‘Water-sucker trees fetch Rs. 300 crore annually’

A eucalyptus plantation at Muduvatti in Kolar taluk. Photo: VIshwa Kundapura  

The possibility of a ban on eucalyptus plantations in parched areas has triggered debates and fears in Kolar district, where the tree is one of the pillars of the local economy. The Karnataka High Court recently directed the Forest Department to consider banning the high-water-consuming tree in Kolar and Chickballapur.

The petitioner said that the eucalyptus plantations had led to depleting groundwater-levels in the already parched district. However, in Kolar, water conservation activists and eucalyptus farmers have opposed the proposed ban.

Much of the plantations are on private land, and farmers say that the region was beset with water problems before the eucalyptus made its appearance in the district in the 1970s.

S. Chandrashekhar, who cultivates eucalyptus on  about seven acres of land in Barli village in Bangarpet taluk, said eucalyptus can’t be solely blamed  for the depletion of groundwater as its roots go up to only 10 to 12 ft. deep. “There are districts that do not grow eucalyptus, but they also face acute water shortage. How can this tree be blamed for the water woes?” he asked.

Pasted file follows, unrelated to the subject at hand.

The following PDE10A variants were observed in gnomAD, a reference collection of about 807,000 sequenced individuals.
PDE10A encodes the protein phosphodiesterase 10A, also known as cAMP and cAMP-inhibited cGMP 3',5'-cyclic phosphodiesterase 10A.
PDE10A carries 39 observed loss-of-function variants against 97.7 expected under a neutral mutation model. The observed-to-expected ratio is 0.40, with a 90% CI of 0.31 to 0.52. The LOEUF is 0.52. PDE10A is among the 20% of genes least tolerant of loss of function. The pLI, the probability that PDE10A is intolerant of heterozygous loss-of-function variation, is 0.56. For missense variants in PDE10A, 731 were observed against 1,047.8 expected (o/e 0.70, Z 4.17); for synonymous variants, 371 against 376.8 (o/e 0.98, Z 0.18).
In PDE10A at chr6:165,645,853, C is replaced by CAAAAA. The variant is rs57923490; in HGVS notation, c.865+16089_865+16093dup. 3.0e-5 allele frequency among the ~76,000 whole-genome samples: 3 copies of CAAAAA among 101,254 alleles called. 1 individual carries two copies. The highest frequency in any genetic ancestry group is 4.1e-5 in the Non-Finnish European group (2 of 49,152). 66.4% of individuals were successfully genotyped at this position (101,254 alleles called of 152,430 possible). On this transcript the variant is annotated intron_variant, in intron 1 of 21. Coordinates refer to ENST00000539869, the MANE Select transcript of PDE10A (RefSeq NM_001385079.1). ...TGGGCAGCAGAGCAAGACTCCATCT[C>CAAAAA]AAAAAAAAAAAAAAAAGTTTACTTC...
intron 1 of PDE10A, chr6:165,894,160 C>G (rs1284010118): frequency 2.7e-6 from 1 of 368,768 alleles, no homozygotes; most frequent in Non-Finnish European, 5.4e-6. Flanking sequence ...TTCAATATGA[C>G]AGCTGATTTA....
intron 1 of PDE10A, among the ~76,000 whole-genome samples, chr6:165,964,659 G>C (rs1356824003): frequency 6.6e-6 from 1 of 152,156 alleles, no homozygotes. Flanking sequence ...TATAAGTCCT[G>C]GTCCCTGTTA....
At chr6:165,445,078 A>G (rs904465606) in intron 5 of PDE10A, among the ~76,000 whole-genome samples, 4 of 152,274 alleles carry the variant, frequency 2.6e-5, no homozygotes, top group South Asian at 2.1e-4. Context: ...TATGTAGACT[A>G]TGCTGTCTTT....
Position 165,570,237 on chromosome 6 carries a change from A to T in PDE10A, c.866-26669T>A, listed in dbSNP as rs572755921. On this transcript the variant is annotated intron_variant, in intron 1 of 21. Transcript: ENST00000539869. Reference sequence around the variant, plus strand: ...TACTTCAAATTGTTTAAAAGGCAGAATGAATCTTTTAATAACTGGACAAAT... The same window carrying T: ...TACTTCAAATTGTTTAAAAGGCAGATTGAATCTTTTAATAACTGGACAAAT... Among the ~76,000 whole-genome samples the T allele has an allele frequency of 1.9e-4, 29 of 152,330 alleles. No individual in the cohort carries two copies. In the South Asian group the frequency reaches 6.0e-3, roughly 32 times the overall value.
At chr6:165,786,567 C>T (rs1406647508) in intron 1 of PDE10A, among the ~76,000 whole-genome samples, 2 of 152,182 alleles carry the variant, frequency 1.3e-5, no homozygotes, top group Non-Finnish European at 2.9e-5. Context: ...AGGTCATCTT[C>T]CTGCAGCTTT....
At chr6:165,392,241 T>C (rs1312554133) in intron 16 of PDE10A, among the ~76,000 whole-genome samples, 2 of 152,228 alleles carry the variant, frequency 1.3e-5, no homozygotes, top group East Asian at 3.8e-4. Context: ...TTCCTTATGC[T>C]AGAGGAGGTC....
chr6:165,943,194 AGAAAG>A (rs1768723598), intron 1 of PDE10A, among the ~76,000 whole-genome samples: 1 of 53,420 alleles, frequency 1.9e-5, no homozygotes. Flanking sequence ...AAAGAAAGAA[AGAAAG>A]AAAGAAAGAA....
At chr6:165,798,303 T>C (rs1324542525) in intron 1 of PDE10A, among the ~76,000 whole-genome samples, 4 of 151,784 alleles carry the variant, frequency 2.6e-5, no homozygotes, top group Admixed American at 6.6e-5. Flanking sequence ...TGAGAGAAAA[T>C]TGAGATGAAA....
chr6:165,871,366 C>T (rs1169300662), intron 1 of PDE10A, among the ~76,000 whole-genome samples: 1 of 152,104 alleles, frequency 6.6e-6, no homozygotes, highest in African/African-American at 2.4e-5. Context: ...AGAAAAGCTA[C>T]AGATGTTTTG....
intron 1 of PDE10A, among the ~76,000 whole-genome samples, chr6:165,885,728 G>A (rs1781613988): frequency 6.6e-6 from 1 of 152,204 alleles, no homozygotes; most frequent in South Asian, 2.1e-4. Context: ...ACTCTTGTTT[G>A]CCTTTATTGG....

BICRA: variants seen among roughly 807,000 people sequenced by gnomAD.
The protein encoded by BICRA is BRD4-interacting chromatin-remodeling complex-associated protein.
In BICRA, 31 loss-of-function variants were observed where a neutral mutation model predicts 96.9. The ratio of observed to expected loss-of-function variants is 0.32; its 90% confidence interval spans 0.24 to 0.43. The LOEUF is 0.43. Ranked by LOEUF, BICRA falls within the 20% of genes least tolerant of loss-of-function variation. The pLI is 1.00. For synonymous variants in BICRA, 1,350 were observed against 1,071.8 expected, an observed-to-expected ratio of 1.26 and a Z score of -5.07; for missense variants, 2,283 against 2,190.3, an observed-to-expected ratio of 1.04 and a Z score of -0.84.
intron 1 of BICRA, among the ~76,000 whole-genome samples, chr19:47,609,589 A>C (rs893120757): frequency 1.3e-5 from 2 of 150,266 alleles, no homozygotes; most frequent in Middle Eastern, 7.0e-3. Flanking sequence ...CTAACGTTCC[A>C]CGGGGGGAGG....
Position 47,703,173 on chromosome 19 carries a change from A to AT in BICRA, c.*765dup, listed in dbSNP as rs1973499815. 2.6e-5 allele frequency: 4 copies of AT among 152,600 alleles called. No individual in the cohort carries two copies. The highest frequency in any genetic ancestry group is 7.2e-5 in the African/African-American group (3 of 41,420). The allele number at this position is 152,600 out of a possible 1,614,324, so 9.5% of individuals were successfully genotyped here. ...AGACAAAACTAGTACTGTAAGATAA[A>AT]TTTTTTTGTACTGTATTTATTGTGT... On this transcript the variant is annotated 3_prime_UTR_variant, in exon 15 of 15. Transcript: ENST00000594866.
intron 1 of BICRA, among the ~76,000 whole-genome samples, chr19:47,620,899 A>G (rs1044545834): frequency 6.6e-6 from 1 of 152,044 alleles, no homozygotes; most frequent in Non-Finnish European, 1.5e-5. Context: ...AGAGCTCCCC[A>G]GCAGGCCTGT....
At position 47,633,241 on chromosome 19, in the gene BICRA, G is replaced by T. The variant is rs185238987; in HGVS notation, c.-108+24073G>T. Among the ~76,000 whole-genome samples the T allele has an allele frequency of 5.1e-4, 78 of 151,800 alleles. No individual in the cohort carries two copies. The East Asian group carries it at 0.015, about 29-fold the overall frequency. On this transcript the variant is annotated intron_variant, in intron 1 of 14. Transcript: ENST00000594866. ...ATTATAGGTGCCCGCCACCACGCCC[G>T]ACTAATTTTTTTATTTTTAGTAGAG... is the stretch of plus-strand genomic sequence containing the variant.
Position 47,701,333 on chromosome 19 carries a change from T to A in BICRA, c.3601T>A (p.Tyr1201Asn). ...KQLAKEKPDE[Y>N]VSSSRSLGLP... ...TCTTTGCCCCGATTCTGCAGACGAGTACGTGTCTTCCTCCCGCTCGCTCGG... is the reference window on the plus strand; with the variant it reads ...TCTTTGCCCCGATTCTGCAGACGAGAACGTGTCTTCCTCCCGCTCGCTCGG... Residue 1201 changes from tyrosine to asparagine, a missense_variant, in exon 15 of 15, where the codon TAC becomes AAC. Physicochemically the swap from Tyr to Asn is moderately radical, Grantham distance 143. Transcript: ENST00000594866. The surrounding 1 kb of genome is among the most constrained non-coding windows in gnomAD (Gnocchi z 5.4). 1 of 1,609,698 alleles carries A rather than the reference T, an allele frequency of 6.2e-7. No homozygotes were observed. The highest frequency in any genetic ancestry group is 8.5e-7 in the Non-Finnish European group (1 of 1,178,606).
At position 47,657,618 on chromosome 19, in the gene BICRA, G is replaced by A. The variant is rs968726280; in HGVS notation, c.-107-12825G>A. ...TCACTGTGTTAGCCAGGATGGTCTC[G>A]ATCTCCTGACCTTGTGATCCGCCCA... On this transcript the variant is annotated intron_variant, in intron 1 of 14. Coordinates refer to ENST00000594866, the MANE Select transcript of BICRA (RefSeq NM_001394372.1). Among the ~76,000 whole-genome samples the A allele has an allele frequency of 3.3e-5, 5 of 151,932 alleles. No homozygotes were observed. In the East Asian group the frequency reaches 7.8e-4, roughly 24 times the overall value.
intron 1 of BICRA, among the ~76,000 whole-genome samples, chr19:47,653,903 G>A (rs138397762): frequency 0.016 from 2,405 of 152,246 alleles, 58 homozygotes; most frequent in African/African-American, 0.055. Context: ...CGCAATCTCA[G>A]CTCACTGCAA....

He believed a shift in crop pattern, particularly to the water-intensive tomato, as well as over-exploitation of groundwater and encroachments of tanks and canals have led to the man-made crisis in the region.

While environmental activist K.N. Tyagaraj said that though eucalyptus plantations adversely affect groundwater levels, there was a need to provide alternative income for farmers before an outright ban is enforced. “The departments concerned should come forward with a strategy of alternative crops that will grow fast and yield income to cultivators to ensure there is little economic impact,” he added.

Being cultivated over 30,000 hectares in the district, farmers and the local paper industry relies on the non-native tree. “Eucalyptus fetches about Rs. 200 to Rs. 300 crore income annually in Kolar district and it is a major source for paper industry. Is it possible and wise to for the government to ban such a source?” asked Mr. Chandrashekhar.

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Printable version | Jun 17, 2021 4:52:48 PM |

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